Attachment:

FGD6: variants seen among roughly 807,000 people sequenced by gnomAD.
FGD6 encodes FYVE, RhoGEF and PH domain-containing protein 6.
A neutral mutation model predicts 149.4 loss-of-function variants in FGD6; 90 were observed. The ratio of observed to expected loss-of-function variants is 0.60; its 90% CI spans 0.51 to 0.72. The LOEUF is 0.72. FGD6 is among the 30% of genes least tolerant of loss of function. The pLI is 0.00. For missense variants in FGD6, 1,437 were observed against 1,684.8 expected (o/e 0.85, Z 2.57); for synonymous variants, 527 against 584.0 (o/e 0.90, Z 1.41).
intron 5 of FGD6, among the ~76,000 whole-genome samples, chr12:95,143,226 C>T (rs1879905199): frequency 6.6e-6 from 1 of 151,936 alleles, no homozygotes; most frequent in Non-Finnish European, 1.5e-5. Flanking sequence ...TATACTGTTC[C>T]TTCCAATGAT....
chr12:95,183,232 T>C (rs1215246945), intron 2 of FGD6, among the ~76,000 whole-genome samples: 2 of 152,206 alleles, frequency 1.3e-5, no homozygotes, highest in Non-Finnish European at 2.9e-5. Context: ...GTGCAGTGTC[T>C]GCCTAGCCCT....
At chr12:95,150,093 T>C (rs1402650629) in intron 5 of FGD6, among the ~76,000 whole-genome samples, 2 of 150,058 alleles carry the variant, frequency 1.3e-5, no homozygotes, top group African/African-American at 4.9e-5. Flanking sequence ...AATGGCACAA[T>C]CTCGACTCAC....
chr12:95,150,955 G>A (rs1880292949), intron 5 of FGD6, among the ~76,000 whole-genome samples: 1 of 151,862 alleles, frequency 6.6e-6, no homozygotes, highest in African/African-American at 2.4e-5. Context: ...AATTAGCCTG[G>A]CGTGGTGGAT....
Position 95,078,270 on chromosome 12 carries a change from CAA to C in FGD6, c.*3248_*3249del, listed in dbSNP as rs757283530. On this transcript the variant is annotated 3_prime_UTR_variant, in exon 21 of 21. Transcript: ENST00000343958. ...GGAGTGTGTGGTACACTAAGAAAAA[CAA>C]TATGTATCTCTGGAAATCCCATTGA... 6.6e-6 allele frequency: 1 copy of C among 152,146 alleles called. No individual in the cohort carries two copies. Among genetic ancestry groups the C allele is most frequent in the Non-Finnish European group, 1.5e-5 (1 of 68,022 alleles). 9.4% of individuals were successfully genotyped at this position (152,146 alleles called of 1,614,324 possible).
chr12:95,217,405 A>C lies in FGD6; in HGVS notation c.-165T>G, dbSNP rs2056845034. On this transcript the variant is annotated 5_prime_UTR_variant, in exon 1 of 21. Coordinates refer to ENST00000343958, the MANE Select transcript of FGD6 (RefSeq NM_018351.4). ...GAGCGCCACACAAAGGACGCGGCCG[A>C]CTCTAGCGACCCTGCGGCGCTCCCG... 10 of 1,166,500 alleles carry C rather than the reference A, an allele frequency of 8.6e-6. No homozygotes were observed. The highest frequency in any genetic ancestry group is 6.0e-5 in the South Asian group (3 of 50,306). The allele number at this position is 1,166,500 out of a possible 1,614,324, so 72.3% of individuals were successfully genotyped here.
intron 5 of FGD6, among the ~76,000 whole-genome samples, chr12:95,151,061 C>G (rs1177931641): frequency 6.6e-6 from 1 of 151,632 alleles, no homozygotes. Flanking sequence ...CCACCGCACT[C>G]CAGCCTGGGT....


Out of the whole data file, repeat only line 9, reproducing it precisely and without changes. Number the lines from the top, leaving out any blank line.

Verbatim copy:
chr12:95,217,405 A>C lies in FGD6; in HGVS notation c.-165T>G, dbSNP rs2056845034. On this transcript the variant is annotated 5_prime_UTR_variant, in exon 1 of 21. Coordinates refer to ENST00000343958, the MANE Select transcript of FGD6 (RefSeq NM_018351.4). ...GAGCGCCACACAAAGGACGCGGCCG[A>C]CTCTAGCGACCCTGCGGCGCTCCCG... 10 of 1,166,500 alleles carry C rather than the reference A, an allele frequency of 8.6e-6. No homozygotes were observed. The highest frequency in any genetic ancestry group is 6.0e-5 in the South Asian group (3 of 50,306). The allele number at this position is 1,166,500 out of a possible 1,614,324, so 72.3% of individuals were successfully genotyped here.